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Numbers Don't Lie

The recession may be over, but how will it impact the U.S. regional operators?

Numbers Don’t Lie

The recession might have officially ended last year, but that brought no consolation to casino companies, as the industry’s recession continued into 2010.

But there are signs that the long-awaited recovery is under way. After months in which gaming revenues stayed at their lowest levels, and even slipped some more, they are starting to revive.

Nearly every state reported September revenues that, on a year-over-year comparison, were much stronger than August, and much stronger on a year-to-date basis. The good news was especially true from Pennsylvania—which continues to ramp up slot win and now has table games giving it a further boost—to New York to West Virginia, which reported solid improvements over last year.

As has been said many times, consumer discretionary companies, such as casinos, rely on jobs and consumer confidence for people to resume spending on non-necessities.

And figures in the broader economy are starting to trend positive, such as the declining number of first-time unemployment claims, and the modest rise in home sales.

So who in the gaming world would most benefit from a turnaround? Our guess is that the first beneficiaries would be regional and local casino operators.

Recovery will take a while. No one will flip a switch for consumers to spend with abandon. That will be especially true coming out of this recession, given the damage to confidence and the still-punk housing sector.

Consumer spending will return slowly and tentatively.

In that regard, it makes sense that gamblers will venture out to their local riverboat or racino rather than fly off to Las Vegas. And they will more likely walk over to the buffet than blow $400 a couple at a four-star restaurant.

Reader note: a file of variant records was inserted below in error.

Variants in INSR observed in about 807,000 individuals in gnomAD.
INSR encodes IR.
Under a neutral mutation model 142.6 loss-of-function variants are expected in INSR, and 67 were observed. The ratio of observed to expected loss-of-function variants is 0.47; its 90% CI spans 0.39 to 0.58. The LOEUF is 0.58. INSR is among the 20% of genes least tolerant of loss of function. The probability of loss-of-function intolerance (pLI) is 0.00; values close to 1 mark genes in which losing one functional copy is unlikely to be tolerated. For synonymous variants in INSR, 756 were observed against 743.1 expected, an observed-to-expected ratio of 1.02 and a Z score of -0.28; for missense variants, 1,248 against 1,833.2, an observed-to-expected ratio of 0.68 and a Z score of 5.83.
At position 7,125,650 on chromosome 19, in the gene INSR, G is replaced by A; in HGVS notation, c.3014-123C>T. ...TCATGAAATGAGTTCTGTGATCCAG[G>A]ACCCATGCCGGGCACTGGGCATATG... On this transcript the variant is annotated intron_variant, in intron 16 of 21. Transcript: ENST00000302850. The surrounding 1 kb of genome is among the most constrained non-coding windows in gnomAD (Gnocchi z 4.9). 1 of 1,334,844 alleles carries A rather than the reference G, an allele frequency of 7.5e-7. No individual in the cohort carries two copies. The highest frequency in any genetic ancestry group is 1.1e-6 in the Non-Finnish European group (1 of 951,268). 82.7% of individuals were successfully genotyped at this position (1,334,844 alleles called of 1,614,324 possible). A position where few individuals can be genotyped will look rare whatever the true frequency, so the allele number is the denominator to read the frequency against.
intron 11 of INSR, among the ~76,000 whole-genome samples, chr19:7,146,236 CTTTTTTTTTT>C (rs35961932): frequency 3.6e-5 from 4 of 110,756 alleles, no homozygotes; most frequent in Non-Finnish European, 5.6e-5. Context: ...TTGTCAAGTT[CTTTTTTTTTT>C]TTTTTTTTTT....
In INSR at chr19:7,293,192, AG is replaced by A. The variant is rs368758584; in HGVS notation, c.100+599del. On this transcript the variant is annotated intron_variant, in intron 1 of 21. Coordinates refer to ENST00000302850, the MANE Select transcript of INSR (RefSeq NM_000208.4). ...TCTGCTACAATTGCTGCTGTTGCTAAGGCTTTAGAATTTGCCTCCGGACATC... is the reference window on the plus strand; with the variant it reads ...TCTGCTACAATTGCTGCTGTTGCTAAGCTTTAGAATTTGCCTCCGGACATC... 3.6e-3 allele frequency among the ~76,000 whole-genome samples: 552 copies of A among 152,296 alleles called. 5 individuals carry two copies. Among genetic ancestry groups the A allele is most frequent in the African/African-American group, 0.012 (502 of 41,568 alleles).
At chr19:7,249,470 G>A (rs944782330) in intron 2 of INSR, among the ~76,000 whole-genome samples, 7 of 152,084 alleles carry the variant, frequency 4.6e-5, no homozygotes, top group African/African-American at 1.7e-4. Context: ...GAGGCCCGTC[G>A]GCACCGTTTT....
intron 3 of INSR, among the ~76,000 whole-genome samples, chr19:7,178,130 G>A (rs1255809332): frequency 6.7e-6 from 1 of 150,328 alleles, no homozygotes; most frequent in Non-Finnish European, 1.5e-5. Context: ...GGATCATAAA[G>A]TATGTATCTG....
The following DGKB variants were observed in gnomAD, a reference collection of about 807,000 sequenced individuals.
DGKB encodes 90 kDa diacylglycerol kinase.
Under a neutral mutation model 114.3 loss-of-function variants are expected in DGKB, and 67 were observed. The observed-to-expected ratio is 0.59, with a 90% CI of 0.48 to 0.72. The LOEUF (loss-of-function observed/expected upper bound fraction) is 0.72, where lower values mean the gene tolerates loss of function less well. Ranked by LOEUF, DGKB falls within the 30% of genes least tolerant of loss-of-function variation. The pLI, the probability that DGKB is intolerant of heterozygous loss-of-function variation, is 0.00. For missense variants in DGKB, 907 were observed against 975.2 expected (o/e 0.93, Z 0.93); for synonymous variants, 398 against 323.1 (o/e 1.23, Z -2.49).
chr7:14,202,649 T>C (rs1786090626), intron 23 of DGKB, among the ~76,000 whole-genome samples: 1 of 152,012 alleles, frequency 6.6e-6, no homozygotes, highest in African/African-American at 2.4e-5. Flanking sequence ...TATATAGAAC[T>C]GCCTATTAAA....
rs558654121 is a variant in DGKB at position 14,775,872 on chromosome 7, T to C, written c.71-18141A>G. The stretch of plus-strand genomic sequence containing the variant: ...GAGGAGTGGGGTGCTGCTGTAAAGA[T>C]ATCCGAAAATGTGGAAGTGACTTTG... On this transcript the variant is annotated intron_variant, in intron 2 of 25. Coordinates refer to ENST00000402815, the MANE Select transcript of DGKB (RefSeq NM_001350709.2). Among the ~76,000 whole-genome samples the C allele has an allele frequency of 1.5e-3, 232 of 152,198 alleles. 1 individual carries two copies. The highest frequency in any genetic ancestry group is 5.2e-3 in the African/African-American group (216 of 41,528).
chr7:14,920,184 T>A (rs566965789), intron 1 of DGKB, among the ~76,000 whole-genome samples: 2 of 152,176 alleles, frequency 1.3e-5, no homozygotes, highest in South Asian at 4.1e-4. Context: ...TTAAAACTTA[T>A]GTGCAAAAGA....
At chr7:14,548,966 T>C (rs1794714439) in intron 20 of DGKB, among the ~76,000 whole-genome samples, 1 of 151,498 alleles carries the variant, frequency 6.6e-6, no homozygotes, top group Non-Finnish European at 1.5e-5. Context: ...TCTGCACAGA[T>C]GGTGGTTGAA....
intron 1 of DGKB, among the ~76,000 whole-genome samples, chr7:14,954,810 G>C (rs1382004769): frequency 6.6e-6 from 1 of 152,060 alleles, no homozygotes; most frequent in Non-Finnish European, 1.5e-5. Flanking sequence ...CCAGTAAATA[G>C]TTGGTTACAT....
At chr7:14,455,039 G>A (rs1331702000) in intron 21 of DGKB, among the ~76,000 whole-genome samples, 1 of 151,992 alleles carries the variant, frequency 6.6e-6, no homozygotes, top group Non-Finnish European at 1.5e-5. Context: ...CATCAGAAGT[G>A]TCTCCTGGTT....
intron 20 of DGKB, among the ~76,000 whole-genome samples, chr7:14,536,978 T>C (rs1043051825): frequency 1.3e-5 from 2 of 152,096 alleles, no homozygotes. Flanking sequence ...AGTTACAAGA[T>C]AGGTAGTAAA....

As with so many companies, the regional casino operators have reduced their expenses to the point that even modest revenue increases can boost their bottom lines.

Thus, the businesses may be in place to prosper, at least relatively.

Some expectation of improvement has been built into the stock prices. Ameristar is around 35 percent above its 52-week low. Penn National is up more than 40 percent, Pinnacle more than 60 percent.

And, yet, the stocks could have a way to run. Ameristar is about half of its pre-recession high, Pinnacle a third, Isle of Capri a fourth, as examples.

Of course, many observers do not expect business conditions to return to those boom times for years. And even optimists wince, rather than celebrate, when companies talk about expansion. Investors are more afraid of added debt than bullish about growth. How cheap casino stocks have become, and how dismally investors see their prospects for earnings growth, is told by their price-to-sales ratios.

That measure is about or below 1.0 for all of the five largest regional operators. Here are the numbers as of this writing:


They also are relatively inexpensive, though not screamingly cheap, but another ratio is enterprise value to EBITDA. Consider:

    And not at all cheap by this measure:


Of course, each company has its opportunities and challenges. Ameristar, for example, thinks that combining its dividend with the projected value of its debt reduction creates the equivalent of a 10 percent to 12 percent annual return. Ameristar also has the chance to be bought out at a premium.

And Ameristar, Boyd and Isle of Capri have similar cost-cutting stories.

Pinnacle, likewise, has cut costs, and CEO Anthony Sanfilippo is making a point of improving operating margins, an achievement that could be worth several dollars or more per share.

Pinnacle also has growth prospects, such as continuing to ramp up its new River City casino in suburban St. Louis, and in building its $357 million property in Baton Rouge.

Penn National is the regional operator with plenty of growth opportunities: table games recently added in West Virginia and Pennsylvania; the new Maryland slot casino; casinos coming in Columbus and Toledo, Ohio, and Kansas City, Kansas; and the possibility of slots at its Toledo and Columbus racetracks. And now, Penn has added M Resort, and executives believe they can generate a double-digit return on their $230 million investment.

One knock on regional casinos is that the market has matured, meaning new properties take away more business than they generate. Certainly, that phenomenon has been evident everywhere from Atlantic City to Indiana.

Penn, on the other hand, is the new competition in most of its markets, though its huge Hollywood Casino in southeastern Indiana will face new competition when Rock Ventures and Harrah’s open their Cincinnati casino.

Still, the biggest overall impact comes from the economy, and as the recession truly ends, regional casino companies may be worth a look.

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